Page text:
Why UAE residents are increasingly opting for a second passport

Ease of travel makes citizenship by investment an attractive option

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Nasreen Abdulla

Published: Mon 13 Jun 2022, 4:55 PM

Last updated: Mon 31 Oct 2022, 2:51 PM

For Indian national MN, born and raised in the UAE, travel had never been a top priority until he married a European citizen. Getting a visa every time he wanted to travel to meet his wife started to take a toll on him.

This summer, when MN realised he wouldn't be able to travel due to lengthy appointment queues at the visa office, he decided to get a second passport from the Commonwealth of Dominica for $100,000 using their citizenship by investment (CBI) programme. The Caribbean country's passport would give him visa-free travel to over 145 countries, including the EU, UK, Russia and Hong Kong.

"More people are opting for second passports using citizenship by investment schemes post the Covid pandemic," said Prashob Kalarikkal, Group Director, HucksterMENA, who markets the citizenship by investment schemes by CS Global Partners. "For most, the ease of travel makes this such an attractive option. For others, it is the pull of free education or better healthcare facilities."

The world's earliest CBI programme was launched in 1984 by the Caribbean island St Kitts and Nevis. Since then, several countries all over the world have launched such programs as they bring in revenue that doubles up as valuable investments into tourism facilities or infrastructure.

According to the independent research website CBI index that rates all CBI programs across a diverse range of indicators, the Covid-19 pandemic has given the industry a new lease of life. Wealthy investors are now beginning to appreciate mobility more than ever, which was abruptly withdrawn due to Covid.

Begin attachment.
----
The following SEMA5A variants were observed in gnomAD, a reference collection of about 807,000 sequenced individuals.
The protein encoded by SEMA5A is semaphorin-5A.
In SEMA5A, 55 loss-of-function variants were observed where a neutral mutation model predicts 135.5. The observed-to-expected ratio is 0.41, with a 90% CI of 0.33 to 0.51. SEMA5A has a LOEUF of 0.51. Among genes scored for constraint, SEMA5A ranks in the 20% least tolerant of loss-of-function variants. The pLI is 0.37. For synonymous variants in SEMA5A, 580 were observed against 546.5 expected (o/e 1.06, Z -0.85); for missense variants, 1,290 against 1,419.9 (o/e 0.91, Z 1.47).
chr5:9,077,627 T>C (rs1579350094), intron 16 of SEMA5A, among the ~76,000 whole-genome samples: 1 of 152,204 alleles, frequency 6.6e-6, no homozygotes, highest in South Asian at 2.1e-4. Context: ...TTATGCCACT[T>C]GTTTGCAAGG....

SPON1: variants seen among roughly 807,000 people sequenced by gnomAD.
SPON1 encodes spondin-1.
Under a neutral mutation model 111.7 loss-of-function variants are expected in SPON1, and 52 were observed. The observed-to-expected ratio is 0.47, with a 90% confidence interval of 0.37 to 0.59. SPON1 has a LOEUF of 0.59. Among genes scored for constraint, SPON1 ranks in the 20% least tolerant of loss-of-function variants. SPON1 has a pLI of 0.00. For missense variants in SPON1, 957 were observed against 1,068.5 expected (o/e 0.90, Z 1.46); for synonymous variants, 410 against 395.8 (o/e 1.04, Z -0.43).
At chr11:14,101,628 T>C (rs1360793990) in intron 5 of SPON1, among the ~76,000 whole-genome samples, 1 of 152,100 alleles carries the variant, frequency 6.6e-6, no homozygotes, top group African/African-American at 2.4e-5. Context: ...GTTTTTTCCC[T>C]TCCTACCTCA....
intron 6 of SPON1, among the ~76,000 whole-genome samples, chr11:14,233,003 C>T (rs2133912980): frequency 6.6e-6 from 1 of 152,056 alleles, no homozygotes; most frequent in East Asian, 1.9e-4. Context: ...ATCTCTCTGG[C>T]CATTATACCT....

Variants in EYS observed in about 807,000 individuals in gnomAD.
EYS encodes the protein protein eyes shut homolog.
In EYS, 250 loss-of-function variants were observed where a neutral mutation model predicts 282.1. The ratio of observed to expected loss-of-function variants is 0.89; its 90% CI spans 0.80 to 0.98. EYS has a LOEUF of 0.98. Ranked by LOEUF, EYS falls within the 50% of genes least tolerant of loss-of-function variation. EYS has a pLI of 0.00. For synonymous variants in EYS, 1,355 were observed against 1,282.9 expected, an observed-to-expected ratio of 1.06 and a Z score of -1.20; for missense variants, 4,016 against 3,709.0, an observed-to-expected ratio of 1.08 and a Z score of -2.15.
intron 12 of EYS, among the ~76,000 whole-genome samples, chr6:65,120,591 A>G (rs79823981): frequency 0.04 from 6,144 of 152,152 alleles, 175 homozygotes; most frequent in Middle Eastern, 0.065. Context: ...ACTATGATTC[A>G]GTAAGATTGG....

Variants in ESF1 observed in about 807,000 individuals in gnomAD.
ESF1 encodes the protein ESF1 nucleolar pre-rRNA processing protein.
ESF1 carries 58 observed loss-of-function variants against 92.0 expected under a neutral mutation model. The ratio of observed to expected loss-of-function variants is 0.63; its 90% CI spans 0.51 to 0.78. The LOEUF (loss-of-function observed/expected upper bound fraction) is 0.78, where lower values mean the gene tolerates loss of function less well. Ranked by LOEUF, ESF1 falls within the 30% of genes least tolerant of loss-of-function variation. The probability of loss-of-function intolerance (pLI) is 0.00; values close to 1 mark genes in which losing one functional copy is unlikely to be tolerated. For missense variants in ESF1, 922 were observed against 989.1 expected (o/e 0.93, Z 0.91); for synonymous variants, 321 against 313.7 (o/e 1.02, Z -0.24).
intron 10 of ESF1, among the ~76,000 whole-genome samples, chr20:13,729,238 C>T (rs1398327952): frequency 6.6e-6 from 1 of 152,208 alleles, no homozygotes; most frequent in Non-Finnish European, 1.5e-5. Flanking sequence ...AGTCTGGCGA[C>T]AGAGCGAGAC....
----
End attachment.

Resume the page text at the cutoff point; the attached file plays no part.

Five Caribbean countries- St Kitts & Nevis, St Lucia, Antigua and Barbuda, Commonwealth of Dominica and Grenada- offer CBI programs, giving the holders of these passports visa-free travel to over 150 countries worldwide. With processing times of less than six months, the citizenship program does not require the person to reside in the country. Other popular CBI destinations include Austria, Turkey, and Cambodia.

“The reason why people opt for a second passport is because the countries they come from are struggling with issues relating to either safety, healthcare, visa-free travel, political unrest or currency fluctuations,” said Jeffrey Henseler, CEO of Passport Legacy. “A second citizenship lowers the risk of them falling into trouble by about 50%. With everything that is happening in the world, people have to look for a Plan B.”

CBI is not the only way people have been ensuring travel mobility. “A lot of people opt for the residency by investment (RBI) model,” says Louay, who has been considering getting a second passport for several years.

“Especially people from countries that don’t allow dual citizenship opt to invest in countries like Portugal or Greece. Once they invest a certain amount, they get a residency visa.

"This allows them visa-free travel throughout Europe. I am considering an RBI model, so I don’t have to give us my passport. For me, my passport is my identity, and since my country doesn’t allow dual citizenship, I think RBI is the best way forward for me.”


However, everything is not rosy in the industry. Once popular destinations like Malta and Cyprus were forced to withdraw some aspects of their CBI programs after several controversies.

Moreover, some have reported being approached by scammers. Industry experts are calling on prospective clients looking into the CBI programs to do their complete research before deciding to pay for the service.

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